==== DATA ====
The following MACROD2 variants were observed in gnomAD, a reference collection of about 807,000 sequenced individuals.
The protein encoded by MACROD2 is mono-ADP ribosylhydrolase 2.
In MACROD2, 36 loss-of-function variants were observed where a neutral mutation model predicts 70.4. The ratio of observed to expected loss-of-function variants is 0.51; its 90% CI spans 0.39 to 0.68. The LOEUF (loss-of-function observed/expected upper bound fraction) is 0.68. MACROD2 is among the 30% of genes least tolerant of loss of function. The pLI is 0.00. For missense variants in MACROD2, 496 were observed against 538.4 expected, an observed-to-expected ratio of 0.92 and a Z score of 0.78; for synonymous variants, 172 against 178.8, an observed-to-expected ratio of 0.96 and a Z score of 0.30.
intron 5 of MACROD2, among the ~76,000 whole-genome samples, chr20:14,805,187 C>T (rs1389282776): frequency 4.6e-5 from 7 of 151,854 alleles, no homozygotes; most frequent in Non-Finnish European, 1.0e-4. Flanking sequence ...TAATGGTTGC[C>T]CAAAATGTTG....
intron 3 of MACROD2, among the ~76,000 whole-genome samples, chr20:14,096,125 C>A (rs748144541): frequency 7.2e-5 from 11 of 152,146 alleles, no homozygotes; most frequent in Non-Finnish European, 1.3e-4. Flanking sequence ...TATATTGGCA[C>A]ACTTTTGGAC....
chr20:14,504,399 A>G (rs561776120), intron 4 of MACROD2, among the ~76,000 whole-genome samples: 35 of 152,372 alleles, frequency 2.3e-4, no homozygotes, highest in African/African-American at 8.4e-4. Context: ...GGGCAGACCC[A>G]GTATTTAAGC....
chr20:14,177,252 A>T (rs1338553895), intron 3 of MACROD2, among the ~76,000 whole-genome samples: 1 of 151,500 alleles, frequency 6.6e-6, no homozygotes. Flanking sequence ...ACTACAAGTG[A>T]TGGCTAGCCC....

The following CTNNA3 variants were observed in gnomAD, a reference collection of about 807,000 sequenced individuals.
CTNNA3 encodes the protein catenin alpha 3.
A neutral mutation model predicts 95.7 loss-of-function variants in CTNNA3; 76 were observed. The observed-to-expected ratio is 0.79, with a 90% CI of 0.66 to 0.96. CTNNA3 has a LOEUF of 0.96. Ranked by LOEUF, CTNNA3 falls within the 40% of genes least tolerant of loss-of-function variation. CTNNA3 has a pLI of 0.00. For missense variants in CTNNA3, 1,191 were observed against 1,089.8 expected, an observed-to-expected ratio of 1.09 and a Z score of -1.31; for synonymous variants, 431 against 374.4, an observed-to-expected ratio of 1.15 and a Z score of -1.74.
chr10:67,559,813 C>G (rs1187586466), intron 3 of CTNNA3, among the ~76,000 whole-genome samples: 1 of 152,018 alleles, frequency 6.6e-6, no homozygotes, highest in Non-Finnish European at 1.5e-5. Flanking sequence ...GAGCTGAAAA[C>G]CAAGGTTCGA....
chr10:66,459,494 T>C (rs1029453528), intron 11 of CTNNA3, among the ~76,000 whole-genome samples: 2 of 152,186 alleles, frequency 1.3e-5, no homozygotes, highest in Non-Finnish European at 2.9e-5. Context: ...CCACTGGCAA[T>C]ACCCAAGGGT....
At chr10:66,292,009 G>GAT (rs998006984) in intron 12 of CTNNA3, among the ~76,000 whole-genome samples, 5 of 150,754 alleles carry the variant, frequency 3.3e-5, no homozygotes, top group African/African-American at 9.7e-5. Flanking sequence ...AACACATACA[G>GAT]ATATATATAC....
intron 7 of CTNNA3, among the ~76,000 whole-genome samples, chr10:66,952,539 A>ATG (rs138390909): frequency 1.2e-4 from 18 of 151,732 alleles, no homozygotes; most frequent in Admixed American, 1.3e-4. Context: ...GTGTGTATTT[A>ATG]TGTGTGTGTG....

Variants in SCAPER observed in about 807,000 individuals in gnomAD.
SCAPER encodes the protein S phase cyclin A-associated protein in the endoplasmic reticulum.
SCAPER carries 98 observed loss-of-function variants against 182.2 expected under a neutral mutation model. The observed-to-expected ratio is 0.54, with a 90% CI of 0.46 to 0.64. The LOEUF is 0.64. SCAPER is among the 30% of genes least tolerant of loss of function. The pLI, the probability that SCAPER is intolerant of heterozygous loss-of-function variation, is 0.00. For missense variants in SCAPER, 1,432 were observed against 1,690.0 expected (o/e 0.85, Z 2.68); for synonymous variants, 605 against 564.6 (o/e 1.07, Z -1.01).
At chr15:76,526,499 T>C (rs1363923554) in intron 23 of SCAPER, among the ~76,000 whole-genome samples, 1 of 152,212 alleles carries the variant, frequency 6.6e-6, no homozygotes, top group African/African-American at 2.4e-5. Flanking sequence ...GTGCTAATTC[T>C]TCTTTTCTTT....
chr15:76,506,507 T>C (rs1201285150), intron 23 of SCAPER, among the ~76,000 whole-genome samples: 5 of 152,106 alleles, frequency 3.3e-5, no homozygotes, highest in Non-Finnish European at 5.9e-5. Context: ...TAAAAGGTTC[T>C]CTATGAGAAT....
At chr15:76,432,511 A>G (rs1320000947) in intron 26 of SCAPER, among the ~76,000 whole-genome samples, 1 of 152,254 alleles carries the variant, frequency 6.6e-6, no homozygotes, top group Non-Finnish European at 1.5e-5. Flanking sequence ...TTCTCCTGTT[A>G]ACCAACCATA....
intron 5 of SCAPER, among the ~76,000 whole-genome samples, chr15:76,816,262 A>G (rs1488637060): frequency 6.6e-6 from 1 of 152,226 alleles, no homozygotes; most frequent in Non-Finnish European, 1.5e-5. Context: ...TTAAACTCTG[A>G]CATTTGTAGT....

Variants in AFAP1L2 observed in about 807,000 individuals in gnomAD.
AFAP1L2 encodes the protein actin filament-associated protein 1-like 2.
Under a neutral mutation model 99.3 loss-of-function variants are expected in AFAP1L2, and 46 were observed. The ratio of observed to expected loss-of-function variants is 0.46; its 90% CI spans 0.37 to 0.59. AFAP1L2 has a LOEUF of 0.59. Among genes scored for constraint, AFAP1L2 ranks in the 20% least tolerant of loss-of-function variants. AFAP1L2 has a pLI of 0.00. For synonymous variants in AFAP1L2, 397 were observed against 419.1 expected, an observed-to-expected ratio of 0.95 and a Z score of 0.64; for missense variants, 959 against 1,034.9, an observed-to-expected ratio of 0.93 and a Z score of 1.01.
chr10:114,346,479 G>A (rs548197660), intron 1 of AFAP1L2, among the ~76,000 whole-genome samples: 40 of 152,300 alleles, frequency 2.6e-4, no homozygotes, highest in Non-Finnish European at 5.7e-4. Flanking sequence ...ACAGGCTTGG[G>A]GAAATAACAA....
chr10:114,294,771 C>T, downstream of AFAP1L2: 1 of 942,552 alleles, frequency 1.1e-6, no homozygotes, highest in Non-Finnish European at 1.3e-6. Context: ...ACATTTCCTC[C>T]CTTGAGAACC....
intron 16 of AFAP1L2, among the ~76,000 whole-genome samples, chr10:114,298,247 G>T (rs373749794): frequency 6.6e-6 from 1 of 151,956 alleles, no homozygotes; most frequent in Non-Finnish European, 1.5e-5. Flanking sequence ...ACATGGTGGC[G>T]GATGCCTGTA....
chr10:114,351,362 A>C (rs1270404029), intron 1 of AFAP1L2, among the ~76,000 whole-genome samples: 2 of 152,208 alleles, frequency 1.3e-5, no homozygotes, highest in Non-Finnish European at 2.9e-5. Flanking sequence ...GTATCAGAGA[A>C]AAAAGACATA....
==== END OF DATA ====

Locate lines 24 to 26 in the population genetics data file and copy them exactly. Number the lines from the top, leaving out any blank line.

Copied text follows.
Under a neutral mutation model 99.3 loss-of-function variants are expected in AFAP1L2, and 46 were observed. The ratio of observed to expected loss-of-function variants is 0.46; its 90% CI spans 0.37 to 0.59. AFAP1L2 has a LOEUF of 0.59. Among genes scored for constraint, AFAP1L2 ranks in the 20% least tolerant of loss-of-function variants. AFAP1L2 has a pLI of 0.00. For synonymous variants in AFAP1L2, 397 were observed against 419.1 expected, an observed-to-expected ratio of 0.95 and a Z score of 0.64; for missense variants, 959 against 1,034.9, an observed-to-expected ratio of 0.93 and a Z score of 1.01.
chr10:114,346,479 G>A (rs548197660), intron 1 of AFAP1L2, among the ~76,000 whole-genome samples: 40 of 152,300 alleles, frequency 2.6e-4, no homozygotes, highest in Non-Finnish European at 5.7e-4. Flanking sequence ...ACAGGCTTGG[G>A]GAAATAACAA....
chr10:114,294,771 C>T, downstream of AFAP1L2: 1 of 942,552 alleles, frequency 1.1e-6, no homozygotes, highest in Non-Finnish European at 1.3e-6. Context: ...ACATTTCCTC[C>T]CTTGAGAACC....